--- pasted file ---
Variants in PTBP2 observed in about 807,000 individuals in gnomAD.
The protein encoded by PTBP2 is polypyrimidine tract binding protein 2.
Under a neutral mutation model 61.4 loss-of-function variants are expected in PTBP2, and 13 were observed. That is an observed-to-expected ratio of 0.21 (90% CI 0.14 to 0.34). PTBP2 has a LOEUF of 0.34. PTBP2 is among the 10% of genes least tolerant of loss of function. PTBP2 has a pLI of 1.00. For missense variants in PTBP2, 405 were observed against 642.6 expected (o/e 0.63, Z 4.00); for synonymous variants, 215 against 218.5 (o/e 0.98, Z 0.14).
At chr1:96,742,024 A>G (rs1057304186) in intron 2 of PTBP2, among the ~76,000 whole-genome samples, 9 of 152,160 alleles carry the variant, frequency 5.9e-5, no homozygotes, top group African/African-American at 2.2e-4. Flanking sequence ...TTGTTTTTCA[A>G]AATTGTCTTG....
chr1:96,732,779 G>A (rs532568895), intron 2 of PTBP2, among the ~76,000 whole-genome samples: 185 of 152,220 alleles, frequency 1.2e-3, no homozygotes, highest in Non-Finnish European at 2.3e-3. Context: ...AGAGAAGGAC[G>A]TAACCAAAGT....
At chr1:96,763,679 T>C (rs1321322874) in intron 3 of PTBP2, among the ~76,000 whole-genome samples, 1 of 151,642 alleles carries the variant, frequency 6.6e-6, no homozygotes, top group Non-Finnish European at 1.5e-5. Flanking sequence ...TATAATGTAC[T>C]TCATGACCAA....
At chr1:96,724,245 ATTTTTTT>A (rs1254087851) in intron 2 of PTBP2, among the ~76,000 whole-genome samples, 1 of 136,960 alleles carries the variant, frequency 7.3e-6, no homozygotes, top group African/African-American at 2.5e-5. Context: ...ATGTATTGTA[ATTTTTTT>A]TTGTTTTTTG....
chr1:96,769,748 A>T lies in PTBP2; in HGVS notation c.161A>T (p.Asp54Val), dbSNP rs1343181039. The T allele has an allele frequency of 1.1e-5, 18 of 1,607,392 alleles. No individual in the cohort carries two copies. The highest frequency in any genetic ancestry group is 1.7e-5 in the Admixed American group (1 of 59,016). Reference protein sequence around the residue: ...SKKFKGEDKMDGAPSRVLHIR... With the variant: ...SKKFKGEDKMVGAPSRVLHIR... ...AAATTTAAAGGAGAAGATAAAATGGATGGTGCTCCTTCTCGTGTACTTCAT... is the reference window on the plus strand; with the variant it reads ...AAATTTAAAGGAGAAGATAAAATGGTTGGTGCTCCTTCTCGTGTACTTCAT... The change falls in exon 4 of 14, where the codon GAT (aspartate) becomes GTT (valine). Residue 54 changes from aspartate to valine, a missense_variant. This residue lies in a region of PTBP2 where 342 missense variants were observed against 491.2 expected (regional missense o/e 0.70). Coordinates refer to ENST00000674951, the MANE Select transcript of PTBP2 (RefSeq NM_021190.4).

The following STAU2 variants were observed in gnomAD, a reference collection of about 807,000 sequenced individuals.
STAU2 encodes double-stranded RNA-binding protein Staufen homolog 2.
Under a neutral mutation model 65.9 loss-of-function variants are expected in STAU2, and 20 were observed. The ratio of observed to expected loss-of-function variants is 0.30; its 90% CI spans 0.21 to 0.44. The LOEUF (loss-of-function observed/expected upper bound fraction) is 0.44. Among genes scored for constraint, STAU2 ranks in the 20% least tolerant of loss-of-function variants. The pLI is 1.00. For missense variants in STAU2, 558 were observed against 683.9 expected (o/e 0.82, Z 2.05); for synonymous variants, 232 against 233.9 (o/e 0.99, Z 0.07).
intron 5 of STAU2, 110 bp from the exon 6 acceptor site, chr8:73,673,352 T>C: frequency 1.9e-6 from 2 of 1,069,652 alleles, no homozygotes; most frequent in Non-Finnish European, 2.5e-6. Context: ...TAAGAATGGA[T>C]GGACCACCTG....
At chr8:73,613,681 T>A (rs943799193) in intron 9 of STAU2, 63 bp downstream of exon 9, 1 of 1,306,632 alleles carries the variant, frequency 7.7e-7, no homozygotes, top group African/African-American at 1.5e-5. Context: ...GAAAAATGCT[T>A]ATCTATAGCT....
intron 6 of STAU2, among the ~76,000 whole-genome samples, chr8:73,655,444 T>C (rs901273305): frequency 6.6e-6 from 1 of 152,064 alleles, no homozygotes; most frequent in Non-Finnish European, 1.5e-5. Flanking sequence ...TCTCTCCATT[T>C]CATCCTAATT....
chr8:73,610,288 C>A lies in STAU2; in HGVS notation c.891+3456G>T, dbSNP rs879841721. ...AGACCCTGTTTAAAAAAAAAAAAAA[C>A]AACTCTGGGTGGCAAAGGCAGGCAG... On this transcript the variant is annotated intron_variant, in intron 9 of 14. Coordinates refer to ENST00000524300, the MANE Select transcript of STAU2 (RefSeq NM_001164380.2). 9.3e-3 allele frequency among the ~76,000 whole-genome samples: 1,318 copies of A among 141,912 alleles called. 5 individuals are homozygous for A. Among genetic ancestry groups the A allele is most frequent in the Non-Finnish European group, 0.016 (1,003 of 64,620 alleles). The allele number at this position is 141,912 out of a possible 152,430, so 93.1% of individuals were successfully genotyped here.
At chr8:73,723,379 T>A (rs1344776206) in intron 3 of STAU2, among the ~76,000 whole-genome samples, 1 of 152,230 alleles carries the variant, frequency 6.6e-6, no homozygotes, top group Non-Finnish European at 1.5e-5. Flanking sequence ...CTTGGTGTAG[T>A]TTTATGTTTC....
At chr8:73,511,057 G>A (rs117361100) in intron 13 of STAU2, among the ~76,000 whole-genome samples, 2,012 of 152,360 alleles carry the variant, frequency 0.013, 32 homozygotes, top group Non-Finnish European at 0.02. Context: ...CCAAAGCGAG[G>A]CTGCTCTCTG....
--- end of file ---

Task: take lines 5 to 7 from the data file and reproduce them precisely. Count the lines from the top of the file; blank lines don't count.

chr1:96,732,779 G>A (rs532568895), intron 2 of PTBP2, among the ~76,000 whole-genome samples: 185 of 152,220 alleles, frequency 1.2e-3, no homozygotes, highest in Non-Finnish European at 2.3e-3. Context: ...AGAGAAGGAC[G>A]TAACCAAAGT....
At chr1:96,763,679 T>C (rs1321322874) in intron 3 of PTBP2, among the ~76,000 whole-genome samples, 1 of 151,642 alleles carries the variant, frequency 6.6e-6, no homozygotes, top group Non-Finnish European at 1.5e-5. Flanking sequence ...TATAATGTAC[T>C]TCATGACCAA....
At chr1:96,724,245 ATTTTTTT>A (rs1254087851) in intron 2 of PTBP2, among the ~76,000 whole-genome samples, 1 of 136,960 alleles carries the variant, frequency 7.3e-6, no homozygotes, top group African/African-American at 2.5e-5. Context: ...ATGTATTGTA[ATTTTTTT>A]TTGTTTTTTG....